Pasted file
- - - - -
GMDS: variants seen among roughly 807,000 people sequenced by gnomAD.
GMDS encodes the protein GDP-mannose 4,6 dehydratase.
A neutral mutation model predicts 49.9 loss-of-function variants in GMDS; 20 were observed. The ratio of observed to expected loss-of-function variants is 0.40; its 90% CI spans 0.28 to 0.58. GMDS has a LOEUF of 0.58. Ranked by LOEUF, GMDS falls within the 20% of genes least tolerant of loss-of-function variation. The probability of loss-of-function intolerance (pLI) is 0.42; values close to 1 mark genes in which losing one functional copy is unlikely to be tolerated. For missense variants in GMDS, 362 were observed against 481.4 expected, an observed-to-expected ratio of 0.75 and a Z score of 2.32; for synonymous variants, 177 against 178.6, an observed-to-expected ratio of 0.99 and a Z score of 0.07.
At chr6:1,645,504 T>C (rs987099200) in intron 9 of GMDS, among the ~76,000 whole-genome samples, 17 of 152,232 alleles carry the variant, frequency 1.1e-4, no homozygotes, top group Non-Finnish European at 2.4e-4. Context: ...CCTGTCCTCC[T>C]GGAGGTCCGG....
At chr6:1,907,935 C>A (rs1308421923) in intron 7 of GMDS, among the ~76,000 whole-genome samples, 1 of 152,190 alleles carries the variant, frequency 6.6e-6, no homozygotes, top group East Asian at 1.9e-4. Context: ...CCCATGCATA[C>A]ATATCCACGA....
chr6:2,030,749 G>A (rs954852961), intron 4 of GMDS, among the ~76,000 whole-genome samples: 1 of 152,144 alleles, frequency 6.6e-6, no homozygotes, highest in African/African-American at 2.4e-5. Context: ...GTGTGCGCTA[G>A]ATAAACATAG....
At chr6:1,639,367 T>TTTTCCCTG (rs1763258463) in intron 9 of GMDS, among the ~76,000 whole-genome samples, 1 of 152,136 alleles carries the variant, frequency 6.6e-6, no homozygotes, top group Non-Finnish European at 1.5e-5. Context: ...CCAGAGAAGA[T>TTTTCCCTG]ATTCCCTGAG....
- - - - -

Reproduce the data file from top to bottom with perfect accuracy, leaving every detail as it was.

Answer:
GMDS: variants seen among roughly 807,000 people sequenced by gnomAD.
GMDS encodes the protein GDP-mannose 4,6 dehydratase.
A neutral mutation model predicts 49.9 loss-of-function variants in GMDS; 20 were observed. The ratio of observed to expected loss-of-function variants is 0.40; its 90% CI spans 0.28 to 0.58. GMDS has a LOEUF of 0.58. Ranked by LOEUF, GMDS falls within the 20% of genes least tolerant of loss-of-function variation. The probability of loss-of-function intolerance (pLI) is 0.42; values close to 1 mark genes in which losing one functional copy is unlikely to be tolerated. For missense variants in GMDS, 362 were observed against 481.4 expected, an observed-to-expected ratio of 0.75 and a Z score of 2.32; for synonymous variants, 177 against 178.6, an observed-to-expected ratio of 0.99 and a Z score of 0.07.
At chr6:1,645,504 T>C (rs987099200) in intron 9 of GMDS, among the ~76,000 whole-genome samples, 17 of 152,232 alleles carry the variant, frequency 1.1e-4, no homozygotes, top group Non-Finnish European at 2.4e-4. Context: ...CCTGTCCTCC[T>C]GGAGGTCCGG....
At chr6:1,907,935 C>A (rs1308421923) in intron 7 of GMDS, among the ~76,000 whole-genome samples, 1 of 152,190 alleles carries the variant, frequency 6.6e-6, no homozygotes, top group East Asian at 1.9e-4. Context: ...CCCATGCATA[C>A]ATATCCACGA....
chr6:2,030,749 G>A (rs954852961), intron 4 of GMDS, among the ~76,000 whole-genome samples: 1 of 152,144 alleles, frequency 6.6e-6, no homozygotes, highest in African/African-American at 2.4e-5. Context: ...GTGTGCGCTA[G>A]ATAAACATAG....
At chr6:1,639,367 T>TTTTCCCTG (rs1763258463) in intron 9 of GMDS, among the ~76,000 whole-genome samples, 1 of 152,136 alleles carries the variant, frequency 6.6e-6, no homozygotes, top group Non-Finnish European at 1.5e-5. Context: ...CCAGAGAAGA[T>TTTTCCCTG]ATTCCCTGAG....